Pure Red Borscht (Barszcz Czerwony Czysty)
by Buffy Owens
This is such a simple and delicious recipe! Recently I invited my partner’s mother over to teach me the ins-and-outs of making this classic Polish Soup. Once fall hits, I find that a mug of this nourishing goodness soothes my palate and warms my soul. I tend to make a batch of this every other week throughout the cooler months.
Beets are high in immune-boosting vitamin C, fiber, and essential minerals like potassium (essential for healthy nerve and muscle function) and manganese (which is good for your bones, liver, kidneys, and pancreas). Not to mention these ruby red roots of tasty goodness are a unique source of betaine, a nutrient that helps protects cells, proteins, and enzymes from environmental stress. It’s also known to help fight inflammation, protect internal organs, improve vascular risk factors, enhance performance, and likely help prevent numerous chronic diseases.
“[Betaine’s]… presence in our diet has been associated with lower levels of several inflammatory markers, including C reactive protein, interleukin-6, and tumor necrosis factor alpha. As a group, the anti-inflammatory molecules found in beets may eventually be shown to provide cardiovascular benefits in large-scale human studies, as well as anti-inflammatory benefits for other body systems.” (1)
Beets and Pregnancy: Pregnant women are recommended to consume appropriate dosages of folic acid during their childbearing period. Folic acid or folate is essential for DNA and RNA production during cell development. If a deficiency in folic acid takes place, this can trigger defects in the growth of the fetus. Now get this, a cup of beets contains 136 grams of folate! Wow! Plus beets are a rich source of calcium and magnesium.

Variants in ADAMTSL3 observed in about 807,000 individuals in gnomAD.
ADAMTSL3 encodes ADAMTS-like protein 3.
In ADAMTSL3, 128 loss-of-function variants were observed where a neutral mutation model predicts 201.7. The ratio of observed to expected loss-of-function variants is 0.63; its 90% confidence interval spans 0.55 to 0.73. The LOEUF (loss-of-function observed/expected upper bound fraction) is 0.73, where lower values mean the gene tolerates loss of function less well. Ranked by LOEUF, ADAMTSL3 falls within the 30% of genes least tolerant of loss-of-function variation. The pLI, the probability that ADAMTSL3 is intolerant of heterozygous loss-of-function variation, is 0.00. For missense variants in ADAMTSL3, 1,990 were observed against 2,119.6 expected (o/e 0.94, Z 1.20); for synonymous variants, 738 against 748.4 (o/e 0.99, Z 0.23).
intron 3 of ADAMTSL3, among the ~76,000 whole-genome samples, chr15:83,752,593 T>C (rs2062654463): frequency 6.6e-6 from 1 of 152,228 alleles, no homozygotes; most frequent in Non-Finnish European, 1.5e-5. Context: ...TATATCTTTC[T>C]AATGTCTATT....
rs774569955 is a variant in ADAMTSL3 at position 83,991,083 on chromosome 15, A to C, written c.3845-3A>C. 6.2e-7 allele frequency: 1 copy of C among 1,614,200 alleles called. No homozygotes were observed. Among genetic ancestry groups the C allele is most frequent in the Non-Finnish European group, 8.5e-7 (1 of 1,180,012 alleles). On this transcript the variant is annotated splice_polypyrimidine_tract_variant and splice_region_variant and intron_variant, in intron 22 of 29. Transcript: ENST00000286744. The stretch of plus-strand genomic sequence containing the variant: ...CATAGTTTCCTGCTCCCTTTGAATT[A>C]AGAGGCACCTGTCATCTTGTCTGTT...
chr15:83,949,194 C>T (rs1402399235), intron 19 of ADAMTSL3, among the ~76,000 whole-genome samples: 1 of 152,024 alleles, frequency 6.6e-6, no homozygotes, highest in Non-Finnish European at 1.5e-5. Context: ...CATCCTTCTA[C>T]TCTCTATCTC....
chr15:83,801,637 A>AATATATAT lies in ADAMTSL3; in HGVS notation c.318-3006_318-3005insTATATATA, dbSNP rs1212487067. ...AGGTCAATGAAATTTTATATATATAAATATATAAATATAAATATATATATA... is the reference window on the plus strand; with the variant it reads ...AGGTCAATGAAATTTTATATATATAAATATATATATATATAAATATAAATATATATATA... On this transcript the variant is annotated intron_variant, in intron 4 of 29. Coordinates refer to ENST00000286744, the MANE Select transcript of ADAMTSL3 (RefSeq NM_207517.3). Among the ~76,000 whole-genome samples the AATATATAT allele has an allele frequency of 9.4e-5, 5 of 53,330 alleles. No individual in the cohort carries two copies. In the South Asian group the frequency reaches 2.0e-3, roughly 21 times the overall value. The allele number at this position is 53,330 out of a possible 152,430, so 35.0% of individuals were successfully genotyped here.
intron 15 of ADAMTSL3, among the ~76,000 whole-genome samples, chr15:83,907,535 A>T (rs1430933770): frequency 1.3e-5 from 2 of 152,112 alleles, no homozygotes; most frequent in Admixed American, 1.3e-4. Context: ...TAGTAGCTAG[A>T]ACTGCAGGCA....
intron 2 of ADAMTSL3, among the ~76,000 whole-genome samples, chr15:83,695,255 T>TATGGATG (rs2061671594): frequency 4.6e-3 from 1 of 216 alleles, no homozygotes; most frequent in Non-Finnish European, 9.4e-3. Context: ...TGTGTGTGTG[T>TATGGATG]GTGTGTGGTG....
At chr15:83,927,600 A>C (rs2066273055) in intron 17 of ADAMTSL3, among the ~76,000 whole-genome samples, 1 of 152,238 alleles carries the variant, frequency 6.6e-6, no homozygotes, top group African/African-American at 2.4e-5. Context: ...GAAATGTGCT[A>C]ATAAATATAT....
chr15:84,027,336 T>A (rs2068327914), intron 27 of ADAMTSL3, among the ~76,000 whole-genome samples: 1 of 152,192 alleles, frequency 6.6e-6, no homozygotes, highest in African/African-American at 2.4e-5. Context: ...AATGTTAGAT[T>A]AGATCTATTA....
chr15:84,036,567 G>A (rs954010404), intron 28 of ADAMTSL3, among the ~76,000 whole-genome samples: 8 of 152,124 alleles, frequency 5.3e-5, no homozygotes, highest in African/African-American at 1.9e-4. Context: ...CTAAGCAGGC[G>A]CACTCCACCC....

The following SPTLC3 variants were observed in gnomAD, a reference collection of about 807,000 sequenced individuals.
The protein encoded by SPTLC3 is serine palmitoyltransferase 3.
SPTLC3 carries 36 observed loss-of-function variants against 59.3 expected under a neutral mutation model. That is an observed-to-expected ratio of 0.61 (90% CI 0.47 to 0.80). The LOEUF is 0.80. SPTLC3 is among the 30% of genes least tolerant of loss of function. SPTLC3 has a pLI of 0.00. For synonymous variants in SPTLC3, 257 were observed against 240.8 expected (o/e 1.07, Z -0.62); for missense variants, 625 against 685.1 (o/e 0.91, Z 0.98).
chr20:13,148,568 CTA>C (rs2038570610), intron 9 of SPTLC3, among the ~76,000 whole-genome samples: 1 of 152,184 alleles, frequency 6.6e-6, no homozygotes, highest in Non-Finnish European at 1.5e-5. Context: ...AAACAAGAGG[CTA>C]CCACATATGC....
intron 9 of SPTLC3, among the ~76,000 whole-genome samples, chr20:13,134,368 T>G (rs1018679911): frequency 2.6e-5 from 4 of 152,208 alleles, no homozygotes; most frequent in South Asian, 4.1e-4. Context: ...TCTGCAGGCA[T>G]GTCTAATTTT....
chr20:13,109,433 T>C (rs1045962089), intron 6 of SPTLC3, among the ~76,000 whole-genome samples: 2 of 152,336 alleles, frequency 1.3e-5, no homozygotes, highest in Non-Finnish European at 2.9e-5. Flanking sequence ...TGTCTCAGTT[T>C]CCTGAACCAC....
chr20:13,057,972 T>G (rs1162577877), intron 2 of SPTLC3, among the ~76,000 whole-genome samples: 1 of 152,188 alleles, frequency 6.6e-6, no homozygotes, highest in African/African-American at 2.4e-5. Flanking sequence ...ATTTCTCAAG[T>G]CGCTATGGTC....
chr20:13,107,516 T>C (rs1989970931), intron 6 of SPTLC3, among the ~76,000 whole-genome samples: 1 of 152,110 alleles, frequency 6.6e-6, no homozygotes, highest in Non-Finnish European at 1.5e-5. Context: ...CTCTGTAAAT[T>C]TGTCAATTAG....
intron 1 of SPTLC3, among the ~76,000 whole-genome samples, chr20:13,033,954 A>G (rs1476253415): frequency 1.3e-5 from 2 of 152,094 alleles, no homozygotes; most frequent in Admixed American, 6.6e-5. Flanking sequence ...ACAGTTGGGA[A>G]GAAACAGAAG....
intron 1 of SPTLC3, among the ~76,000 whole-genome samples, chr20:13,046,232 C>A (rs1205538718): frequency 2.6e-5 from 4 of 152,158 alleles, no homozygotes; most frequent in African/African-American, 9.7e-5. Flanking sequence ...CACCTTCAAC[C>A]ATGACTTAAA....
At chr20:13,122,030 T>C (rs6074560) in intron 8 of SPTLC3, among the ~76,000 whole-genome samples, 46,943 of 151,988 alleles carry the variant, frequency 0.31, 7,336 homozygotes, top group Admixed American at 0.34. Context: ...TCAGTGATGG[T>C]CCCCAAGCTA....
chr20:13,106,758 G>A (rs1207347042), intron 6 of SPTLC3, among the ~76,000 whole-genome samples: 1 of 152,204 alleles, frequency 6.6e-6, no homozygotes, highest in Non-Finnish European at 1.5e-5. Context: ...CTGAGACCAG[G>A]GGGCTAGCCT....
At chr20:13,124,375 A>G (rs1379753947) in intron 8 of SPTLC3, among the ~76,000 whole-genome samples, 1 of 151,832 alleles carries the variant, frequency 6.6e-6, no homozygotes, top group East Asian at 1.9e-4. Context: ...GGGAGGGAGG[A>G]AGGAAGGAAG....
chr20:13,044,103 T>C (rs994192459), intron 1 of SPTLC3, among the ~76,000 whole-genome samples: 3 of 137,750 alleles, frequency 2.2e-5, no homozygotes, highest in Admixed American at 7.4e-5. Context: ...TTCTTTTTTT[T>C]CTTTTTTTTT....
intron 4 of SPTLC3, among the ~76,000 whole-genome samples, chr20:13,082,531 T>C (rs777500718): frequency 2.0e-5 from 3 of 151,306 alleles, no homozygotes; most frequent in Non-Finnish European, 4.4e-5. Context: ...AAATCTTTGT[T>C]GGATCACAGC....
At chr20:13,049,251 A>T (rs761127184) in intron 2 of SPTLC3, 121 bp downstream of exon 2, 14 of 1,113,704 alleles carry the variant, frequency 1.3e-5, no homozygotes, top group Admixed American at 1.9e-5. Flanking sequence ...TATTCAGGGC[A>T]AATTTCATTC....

Pure Red Borscht Recipe
Traditional barszcz is sometimes made with a kwas (kvass). However, this clear red Polish beet soup recipe doesn't use a sour starter but instead gets the desired hint of sourness from lemon juice or vinegar.
Makes: 8 Cups
- 4 medium beets
- 2 Carrots
- 2 Sticks of Celery
- 1 Medium Onion
- 2 Cloves of Garlic
- 10 Grams Dried Porcini Mushrooms (optional)
- 6-8 Cups of Water or Bone Broth
- 2 Tbs. Olive Oil
- 1 tsp. Sugar
- 1-2 Whole Cloves
- 1 Bay Leaf
- 1/2 tsp. Thyme/li>
- 1/2 tsp. Parsley
- 2 Tbs. of Lemon Juice
- 1 Tbs. Red-Wine Vinegar
- Salt & Pepper to Taste
- Chop Carrots, Celery and Onion. Place them in a large pot with a little olive oil. Cook on low heat for 2-5 minutes or until they sweat.
- Add 4-6 cups Water, Garlic, Mushrooms, Cloves, Bay Leaf, Thyme & Parsely, Salt and Pepper. Simmer for 20 minutes.
- Wash, peel and grate the beets. Add the beets, sugar and vinegar to the stock with another cup or so of water. Let cook for 15-20 minutes.
- Strain and add the lemon juice or Kwas to taste.
- Sip and enjoy!
You can top this with fresh Dill and sour cream or sip it as is. You can also serve this tasty treat warm or cold.
LEMON JUICE TIP: You can buy lemons when they are on sale or in season. Then grate the rinds, juice the fruit and then freeze the rinds and juice together for future use. Zest the fruit and place a bit of the zest in each section of an ice-cube tray. Pour the juice of the zest and freeze. Once it is frozen take the lemon juice out of the tray and store it in airtight container. When a recipe calls for the juice just grab a cube or two. Each ‘traditional square’ cube is about 2 Tbl. of juice.
- Stuart AS Craig. Betaine in Human Nutrition. Am J Clin Nutr. 2004 Sept; 80(3); 539-549